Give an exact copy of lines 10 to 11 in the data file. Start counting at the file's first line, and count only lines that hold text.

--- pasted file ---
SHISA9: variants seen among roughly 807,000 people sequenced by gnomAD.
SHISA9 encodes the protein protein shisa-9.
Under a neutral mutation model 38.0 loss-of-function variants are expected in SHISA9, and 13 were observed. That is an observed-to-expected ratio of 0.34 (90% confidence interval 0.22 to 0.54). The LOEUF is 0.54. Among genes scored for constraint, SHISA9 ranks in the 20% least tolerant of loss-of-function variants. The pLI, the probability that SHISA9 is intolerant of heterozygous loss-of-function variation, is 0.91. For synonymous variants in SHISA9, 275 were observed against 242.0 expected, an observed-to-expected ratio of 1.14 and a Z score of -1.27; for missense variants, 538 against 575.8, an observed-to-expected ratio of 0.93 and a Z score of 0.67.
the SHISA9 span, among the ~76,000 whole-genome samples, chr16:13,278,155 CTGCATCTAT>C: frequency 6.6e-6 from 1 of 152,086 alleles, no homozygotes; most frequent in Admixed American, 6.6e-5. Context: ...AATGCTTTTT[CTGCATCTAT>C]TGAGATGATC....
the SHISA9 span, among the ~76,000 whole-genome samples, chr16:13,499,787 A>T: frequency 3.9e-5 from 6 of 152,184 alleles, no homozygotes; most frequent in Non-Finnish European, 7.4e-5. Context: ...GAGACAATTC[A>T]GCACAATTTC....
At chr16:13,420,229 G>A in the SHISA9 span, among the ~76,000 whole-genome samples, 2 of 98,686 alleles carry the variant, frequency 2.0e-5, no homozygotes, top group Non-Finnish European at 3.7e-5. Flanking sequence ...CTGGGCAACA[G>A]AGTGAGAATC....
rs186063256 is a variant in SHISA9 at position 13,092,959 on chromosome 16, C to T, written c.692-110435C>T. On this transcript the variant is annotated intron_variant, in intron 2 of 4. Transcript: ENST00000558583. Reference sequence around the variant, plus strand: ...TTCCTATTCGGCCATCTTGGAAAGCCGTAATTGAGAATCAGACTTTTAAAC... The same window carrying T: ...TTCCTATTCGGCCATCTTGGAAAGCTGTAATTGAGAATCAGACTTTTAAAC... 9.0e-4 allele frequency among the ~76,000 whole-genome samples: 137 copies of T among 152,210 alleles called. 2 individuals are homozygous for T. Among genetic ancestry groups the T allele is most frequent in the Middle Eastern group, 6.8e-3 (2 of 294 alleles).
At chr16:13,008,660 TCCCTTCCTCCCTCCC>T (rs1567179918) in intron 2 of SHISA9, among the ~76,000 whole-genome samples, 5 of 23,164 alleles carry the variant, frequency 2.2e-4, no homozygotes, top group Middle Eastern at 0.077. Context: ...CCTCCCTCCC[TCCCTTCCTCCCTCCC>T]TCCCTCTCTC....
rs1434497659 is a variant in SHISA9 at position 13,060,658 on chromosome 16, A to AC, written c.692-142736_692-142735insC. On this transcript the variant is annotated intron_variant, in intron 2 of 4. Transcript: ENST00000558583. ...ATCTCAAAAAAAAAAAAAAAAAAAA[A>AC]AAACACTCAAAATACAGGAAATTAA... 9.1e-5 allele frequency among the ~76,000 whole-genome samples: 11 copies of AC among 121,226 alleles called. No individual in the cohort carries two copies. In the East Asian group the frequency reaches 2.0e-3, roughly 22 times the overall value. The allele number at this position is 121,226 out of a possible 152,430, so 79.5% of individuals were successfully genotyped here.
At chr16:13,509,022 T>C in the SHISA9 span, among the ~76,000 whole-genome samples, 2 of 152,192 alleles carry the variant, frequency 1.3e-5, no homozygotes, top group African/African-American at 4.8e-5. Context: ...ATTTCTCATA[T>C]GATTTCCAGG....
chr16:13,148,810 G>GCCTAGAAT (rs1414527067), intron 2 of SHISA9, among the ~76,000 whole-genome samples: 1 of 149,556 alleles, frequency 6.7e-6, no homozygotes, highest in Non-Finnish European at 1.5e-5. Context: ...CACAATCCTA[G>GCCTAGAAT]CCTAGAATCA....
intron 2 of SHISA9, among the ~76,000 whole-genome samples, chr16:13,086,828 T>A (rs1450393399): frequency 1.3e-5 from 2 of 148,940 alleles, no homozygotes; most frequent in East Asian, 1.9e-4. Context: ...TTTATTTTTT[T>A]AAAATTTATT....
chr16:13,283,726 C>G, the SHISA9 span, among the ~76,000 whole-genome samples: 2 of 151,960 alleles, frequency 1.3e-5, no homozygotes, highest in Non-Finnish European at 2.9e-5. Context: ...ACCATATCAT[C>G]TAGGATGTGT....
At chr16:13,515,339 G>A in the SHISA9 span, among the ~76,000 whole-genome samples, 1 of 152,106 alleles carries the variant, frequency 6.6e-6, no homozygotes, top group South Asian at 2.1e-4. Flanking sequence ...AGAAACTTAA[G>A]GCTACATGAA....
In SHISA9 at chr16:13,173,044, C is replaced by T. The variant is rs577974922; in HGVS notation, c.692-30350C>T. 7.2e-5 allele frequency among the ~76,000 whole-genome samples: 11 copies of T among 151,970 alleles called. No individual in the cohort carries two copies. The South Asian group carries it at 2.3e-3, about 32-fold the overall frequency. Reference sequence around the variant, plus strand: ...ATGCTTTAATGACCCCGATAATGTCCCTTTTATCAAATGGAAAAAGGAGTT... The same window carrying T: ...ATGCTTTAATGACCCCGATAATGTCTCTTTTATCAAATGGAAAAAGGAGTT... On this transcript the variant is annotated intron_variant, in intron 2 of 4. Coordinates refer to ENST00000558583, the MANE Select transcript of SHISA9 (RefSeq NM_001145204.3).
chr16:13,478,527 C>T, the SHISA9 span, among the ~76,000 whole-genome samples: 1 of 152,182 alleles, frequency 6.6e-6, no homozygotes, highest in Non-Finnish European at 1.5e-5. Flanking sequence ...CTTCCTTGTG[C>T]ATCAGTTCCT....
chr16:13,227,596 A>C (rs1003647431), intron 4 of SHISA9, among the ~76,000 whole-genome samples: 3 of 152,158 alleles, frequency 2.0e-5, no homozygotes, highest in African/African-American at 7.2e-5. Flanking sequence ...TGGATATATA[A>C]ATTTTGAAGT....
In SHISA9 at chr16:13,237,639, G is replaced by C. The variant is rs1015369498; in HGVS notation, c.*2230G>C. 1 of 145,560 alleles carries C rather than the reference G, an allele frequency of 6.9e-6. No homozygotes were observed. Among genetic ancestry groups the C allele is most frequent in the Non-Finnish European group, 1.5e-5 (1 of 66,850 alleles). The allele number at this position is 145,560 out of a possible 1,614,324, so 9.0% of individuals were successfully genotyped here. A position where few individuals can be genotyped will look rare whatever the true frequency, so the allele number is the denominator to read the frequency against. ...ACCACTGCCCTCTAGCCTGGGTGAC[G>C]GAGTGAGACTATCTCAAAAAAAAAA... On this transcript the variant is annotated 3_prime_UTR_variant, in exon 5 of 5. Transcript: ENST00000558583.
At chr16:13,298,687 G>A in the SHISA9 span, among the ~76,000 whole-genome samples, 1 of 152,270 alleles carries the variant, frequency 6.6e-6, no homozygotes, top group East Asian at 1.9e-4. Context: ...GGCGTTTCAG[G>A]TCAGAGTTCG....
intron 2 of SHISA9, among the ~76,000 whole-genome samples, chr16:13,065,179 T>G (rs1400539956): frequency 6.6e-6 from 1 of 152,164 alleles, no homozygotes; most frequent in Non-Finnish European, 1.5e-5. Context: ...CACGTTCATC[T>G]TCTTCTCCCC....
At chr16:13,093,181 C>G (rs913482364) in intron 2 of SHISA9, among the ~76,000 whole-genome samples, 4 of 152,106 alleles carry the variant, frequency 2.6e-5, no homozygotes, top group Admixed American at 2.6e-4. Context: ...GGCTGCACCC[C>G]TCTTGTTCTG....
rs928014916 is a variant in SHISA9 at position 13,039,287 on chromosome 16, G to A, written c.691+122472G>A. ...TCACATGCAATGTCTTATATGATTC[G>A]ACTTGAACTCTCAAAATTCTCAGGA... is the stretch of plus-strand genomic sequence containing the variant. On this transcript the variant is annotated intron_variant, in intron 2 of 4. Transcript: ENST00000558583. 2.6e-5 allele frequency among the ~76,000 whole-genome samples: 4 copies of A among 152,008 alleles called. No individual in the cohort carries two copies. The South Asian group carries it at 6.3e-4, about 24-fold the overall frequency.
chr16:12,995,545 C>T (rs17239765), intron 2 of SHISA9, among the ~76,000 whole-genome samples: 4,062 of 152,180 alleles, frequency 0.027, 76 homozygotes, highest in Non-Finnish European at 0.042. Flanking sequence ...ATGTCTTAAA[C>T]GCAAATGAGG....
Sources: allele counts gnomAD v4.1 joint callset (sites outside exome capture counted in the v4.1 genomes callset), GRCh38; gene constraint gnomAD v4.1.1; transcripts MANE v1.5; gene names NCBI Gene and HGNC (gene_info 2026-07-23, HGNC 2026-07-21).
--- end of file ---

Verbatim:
At chr16:13,509,022 T>C in the SHISA9 span, among the ~76,000 whole-genome samples, 2 of 152,192 alleles carry the variant, frequency 1.3e-5, no homozygotes, top group African/African-American at 4.8e-5. Context: ...ATTTCTCATA[T>C]GATTTCCAGG....
chr16:13,148,810 G>GCCTAGAAT (rs1414527067), intron 2 of SHISA9, among the ~76,000 whole-genome samples: 1 of 149,556 alleles, frequency 6.7e-6, no homozygotes, highest in Non-Finnish European at 1.5e-5. Context: ...CACAATCCTA[G>GCCTAGAAT]CCTAGAATCA....